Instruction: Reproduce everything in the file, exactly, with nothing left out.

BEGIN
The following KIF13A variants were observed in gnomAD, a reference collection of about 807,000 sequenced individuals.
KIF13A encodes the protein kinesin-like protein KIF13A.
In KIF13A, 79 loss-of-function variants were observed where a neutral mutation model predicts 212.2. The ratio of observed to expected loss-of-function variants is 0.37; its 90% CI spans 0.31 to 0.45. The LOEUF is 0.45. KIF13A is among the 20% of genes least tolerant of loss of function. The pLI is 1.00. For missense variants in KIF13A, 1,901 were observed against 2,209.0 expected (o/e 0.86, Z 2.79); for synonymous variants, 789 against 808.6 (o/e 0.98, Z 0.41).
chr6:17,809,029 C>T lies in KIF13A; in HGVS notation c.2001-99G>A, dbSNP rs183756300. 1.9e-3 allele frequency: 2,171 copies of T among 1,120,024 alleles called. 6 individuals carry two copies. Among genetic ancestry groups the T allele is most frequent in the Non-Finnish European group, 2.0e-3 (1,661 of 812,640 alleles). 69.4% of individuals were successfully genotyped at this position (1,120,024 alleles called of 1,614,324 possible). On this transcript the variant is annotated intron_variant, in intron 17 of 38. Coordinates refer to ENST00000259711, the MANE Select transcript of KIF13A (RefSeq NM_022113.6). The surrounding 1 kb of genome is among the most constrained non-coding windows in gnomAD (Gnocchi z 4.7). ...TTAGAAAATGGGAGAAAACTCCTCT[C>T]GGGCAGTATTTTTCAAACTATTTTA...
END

The following KIF13A variants were observed in gnomAD, a reference collection of about 807,000 sequenced individuals.
KIF13A encodes the protein kinesin-like protein KIF13A.
In KIF13A, 79 loss-of-function variants were observed where a neutral mutation model predicts 212.2. The ratio of observed to expected loss-of-function variants is 0.37; its 90% CI spans 0.31 to 0.45. The LOEUF is 0.45. KIF13A is among the 20% of genes least tolerant of loss of function. The pLI is 1.00. For missense variants in KIF13A, 1,901 were observed against 2,209.0 expected (o/e 0.86, Z 2.79); for synonymous variants, 789 against 808.6 (o/e 0.98, Z 0.41).
chr6:17,809,029 C>T lies in KIF13A; in HGVS notation c.2001-99G>A, dbSNP rs183756300. 1.9e-3 allele frequency: 2,171 copies of T among 1,120,024 alleles called. 6 individuals carry two copies. Among genetic ancestry groups the T allele is most frequent in the Non-Finnish European group, 2.0e-3 (1,661 of 812,640 alleles). 69.4% of individuals were successfully genotyped at this position (1,120,024 alleles called of 1,614,324 possible). On this transcript the variant is annotated intron_variant, in intron 17 of 38. Coordinates refer to ENST00000259711, the MANE Select transcript of KIF13A (RefSeq NM_022113.6). The surrounding 1 kb of genome is among the most constrained non-coding windows in gnomAD (Gnocchi z 4.7). ...TTAGAAAATGGGAGAAAACTCCTCT[C>T]GGGCAGTATTTTTCAAACTATTTTA...